Casey Anthony represents the epitome of heartbreak that parenting adult children can bring. It is a season of life when you have no control, power, or authority. It can also be a nightmare when grandchildren are involved. Just ask Cindy Anthony.
For over three years, we have been inundated with a dysfunctional family who, at their very core, had a little one who held them together. Caylee, the child who was missing for 31 days before her mother reported it, has become the poster child for a family gone broke. It would be a better legacy if she became a symbol for a call to action for families everywhere.
I appreciate hope and I am a major proponent of it. It is a necessary ingredient in most of life's difficult situations. I am also a believer in seeing things for what they are versus what we want them to be. Herein lies one of the biggest problems I see for parents of adult children: They refuse to see the truth about their children.
Being honest about an adult child's weaknesses does not mean parents have the license to be critical or that one is giving up on them. It simply allows parents to see them truthfully so that expectations can be adjusted and relationship issues can be handled with greater awareness. By being a student of one's adult child, one will need to remove the weight of guilt and responsibility felt, even though the adult child may have picked up some of their bad habits from their parents.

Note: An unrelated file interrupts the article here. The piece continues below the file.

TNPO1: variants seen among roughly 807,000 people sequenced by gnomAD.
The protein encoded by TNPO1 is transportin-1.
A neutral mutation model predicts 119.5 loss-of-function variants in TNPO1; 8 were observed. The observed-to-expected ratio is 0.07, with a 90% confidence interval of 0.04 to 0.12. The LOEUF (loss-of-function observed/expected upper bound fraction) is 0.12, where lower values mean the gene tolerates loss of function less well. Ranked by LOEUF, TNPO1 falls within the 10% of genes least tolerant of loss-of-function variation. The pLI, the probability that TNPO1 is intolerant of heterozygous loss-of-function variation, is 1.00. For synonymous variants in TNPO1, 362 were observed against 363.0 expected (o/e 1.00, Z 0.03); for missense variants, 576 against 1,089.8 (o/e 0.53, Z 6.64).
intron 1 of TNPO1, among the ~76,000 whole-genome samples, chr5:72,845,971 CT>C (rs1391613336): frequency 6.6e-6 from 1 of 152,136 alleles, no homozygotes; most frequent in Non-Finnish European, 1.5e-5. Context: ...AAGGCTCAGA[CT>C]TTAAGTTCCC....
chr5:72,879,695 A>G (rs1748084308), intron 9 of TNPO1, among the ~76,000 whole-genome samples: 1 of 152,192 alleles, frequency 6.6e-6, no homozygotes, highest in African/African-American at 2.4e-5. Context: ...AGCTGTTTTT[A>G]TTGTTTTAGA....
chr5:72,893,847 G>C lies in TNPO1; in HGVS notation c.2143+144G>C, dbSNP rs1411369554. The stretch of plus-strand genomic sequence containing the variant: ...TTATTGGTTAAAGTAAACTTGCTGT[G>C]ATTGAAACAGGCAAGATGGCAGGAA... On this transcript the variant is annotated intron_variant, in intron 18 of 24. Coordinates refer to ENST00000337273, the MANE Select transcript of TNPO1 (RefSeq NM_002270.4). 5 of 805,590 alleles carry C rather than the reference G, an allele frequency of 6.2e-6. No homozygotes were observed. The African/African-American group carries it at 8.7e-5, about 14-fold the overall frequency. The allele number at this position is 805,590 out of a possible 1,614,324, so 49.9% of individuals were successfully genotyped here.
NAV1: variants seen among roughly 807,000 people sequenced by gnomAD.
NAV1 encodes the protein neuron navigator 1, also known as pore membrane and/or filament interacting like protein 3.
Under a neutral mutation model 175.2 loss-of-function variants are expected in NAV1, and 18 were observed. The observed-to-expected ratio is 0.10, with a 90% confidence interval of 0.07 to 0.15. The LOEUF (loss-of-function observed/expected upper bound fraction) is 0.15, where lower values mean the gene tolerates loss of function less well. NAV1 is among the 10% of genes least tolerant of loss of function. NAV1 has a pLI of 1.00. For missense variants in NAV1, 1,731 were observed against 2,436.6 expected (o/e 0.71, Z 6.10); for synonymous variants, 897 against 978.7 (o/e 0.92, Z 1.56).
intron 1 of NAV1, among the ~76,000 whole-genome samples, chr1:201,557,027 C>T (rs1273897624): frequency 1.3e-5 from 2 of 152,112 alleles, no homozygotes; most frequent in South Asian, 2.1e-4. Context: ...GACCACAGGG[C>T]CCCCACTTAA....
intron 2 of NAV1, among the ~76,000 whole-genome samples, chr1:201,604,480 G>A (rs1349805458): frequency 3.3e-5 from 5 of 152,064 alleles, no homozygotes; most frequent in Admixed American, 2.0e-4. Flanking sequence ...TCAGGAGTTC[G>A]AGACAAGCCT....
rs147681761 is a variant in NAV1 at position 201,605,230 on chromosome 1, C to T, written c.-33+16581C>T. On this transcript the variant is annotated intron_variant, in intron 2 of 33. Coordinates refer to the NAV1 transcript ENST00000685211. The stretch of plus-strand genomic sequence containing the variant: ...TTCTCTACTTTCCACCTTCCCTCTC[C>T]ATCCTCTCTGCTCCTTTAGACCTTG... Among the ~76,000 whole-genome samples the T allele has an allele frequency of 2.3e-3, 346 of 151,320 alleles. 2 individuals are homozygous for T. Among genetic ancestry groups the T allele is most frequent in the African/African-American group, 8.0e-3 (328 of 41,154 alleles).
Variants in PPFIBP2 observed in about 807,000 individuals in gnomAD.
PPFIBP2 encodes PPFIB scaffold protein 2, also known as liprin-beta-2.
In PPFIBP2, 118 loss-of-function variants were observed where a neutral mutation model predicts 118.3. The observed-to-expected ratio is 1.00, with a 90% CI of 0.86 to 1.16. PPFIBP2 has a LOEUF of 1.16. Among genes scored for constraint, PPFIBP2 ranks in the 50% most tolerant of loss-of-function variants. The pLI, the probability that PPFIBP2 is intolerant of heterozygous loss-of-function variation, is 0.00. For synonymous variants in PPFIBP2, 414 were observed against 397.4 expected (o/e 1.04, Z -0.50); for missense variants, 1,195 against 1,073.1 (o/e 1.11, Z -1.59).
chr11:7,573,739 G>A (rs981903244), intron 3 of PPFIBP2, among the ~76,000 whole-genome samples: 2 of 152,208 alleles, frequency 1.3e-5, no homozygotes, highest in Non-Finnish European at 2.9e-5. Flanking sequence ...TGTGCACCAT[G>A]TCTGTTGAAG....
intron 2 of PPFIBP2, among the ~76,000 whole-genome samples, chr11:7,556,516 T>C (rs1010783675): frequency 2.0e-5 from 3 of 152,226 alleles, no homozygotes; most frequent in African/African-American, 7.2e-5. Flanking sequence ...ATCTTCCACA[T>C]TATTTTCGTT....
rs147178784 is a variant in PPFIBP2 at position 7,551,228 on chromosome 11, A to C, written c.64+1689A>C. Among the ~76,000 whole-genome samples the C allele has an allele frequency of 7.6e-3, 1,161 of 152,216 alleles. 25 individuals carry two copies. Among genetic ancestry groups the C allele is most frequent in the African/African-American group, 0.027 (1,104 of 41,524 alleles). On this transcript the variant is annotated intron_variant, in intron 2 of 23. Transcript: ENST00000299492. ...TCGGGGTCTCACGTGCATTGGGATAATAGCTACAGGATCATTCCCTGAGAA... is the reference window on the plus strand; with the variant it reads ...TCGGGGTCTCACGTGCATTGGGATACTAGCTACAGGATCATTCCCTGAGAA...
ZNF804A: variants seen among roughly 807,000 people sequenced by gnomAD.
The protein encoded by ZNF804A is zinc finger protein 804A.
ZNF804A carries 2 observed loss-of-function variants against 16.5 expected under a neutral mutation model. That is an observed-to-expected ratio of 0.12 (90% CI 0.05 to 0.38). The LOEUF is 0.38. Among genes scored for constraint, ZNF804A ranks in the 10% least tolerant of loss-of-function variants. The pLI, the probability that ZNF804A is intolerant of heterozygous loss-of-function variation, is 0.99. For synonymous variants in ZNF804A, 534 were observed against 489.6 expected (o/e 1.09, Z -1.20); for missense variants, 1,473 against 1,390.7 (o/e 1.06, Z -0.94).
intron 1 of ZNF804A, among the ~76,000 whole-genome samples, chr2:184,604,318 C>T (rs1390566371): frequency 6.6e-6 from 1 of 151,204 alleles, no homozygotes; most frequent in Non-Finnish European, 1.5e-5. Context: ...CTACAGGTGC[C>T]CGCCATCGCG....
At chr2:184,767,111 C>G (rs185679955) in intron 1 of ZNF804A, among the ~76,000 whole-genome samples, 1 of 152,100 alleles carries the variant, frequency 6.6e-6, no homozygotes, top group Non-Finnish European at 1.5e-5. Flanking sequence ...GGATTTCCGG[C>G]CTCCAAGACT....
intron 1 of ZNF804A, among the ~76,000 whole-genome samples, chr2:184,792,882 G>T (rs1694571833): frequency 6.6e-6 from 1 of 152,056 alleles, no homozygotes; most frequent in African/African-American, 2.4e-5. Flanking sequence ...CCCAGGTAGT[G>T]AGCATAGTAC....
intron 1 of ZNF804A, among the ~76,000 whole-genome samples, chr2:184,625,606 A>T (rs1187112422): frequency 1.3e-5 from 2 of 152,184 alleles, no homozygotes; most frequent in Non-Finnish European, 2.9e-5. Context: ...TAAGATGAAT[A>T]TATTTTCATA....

Clarity about an adult child's dysfunction, personality disorders, addictions, and other various shortcomings will make parenting them more effective. Parents need to seek out professional assistance if their adult child is making irresponsible choices. It is important to refrain from criticism, judgment, name calling, and character assassination when dealing with adult children. Their children can walk away from them at any point in time, never to be heard from again, if they fail to be respectful. Speaking with honor to someone does not mean you agree with them or support their choices; it is simply saying they will be treated with human dignity. This says volumes about the integrity of the parents, which when all is said and done, is all you have control over anyway.
Cindy Anthony has not only lost a granddaughter, but she has lost a daughter as well. Regardless of how the trial turns out, her family will never be the same. Let us allow her pain to be a reminder to all of us that family relationships cannot be taken for granted and we must work on them our entire lives. May we see what really is, be the best of who we are as often as possible, and learn from others who walk before us.